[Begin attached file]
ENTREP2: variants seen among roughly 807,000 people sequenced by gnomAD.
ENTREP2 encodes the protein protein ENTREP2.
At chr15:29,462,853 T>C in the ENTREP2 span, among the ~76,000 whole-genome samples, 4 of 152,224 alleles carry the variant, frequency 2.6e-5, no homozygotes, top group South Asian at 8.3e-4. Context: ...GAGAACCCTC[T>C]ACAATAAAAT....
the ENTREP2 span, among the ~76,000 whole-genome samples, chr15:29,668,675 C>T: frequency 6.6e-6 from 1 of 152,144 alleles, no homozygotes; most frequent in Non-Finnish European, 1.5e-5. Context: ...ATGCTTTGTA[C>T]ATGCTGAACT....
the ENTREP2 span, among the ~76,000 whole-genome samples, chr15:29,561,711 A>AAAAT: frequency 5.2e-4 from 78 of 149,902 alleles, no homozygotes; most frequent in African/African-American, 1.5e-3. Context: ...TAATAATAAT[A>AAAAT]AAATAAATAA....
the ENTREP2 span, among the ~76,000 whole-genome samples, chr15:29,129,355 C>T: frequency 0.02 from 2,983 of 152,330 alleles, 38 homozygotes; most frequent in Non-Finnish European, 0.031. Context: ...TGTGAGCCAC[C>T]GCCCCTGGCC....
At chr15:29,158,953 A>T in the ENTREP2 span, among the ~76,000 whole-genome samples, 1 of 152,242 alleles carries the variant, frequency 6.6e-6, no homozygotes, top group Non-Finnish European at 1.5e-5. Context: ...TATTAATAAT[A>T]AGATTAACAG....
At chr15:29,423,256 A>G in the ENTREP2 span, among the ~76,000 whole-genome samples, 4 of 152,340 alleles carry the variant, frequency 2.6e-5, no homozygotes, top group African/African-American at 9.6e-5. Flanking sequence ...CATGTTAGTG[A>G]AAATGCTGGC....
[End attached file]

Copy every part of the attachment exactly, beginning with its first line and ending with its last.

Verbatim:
ENTREP2: variants seen among roughly 807,000 people sequenced by gnomAD.
ENTREP2 encodes the protein protein ENTREP2.
At chr15:29,462,853 T>C in the ENTREP2 span, among the ~76,000 whole-genome samples, 4 of 152,224 alleles carry the variant, frequency 2.6e-5, no homozygotes, top group South Asian at 8.3e-4. Context: ...GAGAACCCTC[T>C]ACAATAAAAT....
the ENTREP2 span, among the ~76,000 whole-genome samples, chr15:29,668,675 C>T: frequency 6.6e-6 from 1 of 152,144 alleles, no homozygotes; most frequent in Non-Finnish European, 1.5e-5. Context: ...ATGCTTTGTA[C>T]ATGCTGAACT....
the ENTREP2 span, among the ~76,000 whole-genome samples, chr15:29,561,711 A>AAAAT: frequency 5.2e-4 from 78 of 149,902 alleles, no homozygotes; most frequent in African/African-American, 1.5e-3. Context: ...TAATAATAAT[A>AAAAT]AAATAAATAA....
the ENTREP2 span, among the ~76,000 whole-genome samples, chr15:29,129,355 C>T: frequency 0.02 from 2,983 of 152,330 alleles, 38 homozygotes; most frequent in Non-Finnish European, 0.031. Context: ...TGTGAGCCAC[C>T]GCCCCTGGCC....
At chr15:29,158,953 A>T in the ENTREP2 span, among the ~76,000 whole-genome samples, 1 of 152,242 alleles carries the variant, frequency 6.6e-6, no homozygotes, top group Non-Finnish European at 1.5e-5. Context: ...TATTAATAAT[A>T]AGATTAACAG....
At chr15:29,423,256 A>G in the ENTREP2 span, among the ~76,000 whole-genome samples, 4 of 152,340 alleles carry the variant, frequency 2.6e-5, no homozygotes, top group African/African-American at 9.6e-5. Flanking sequence ...CATGTTAGTG[A>G]AAATGCTGGC....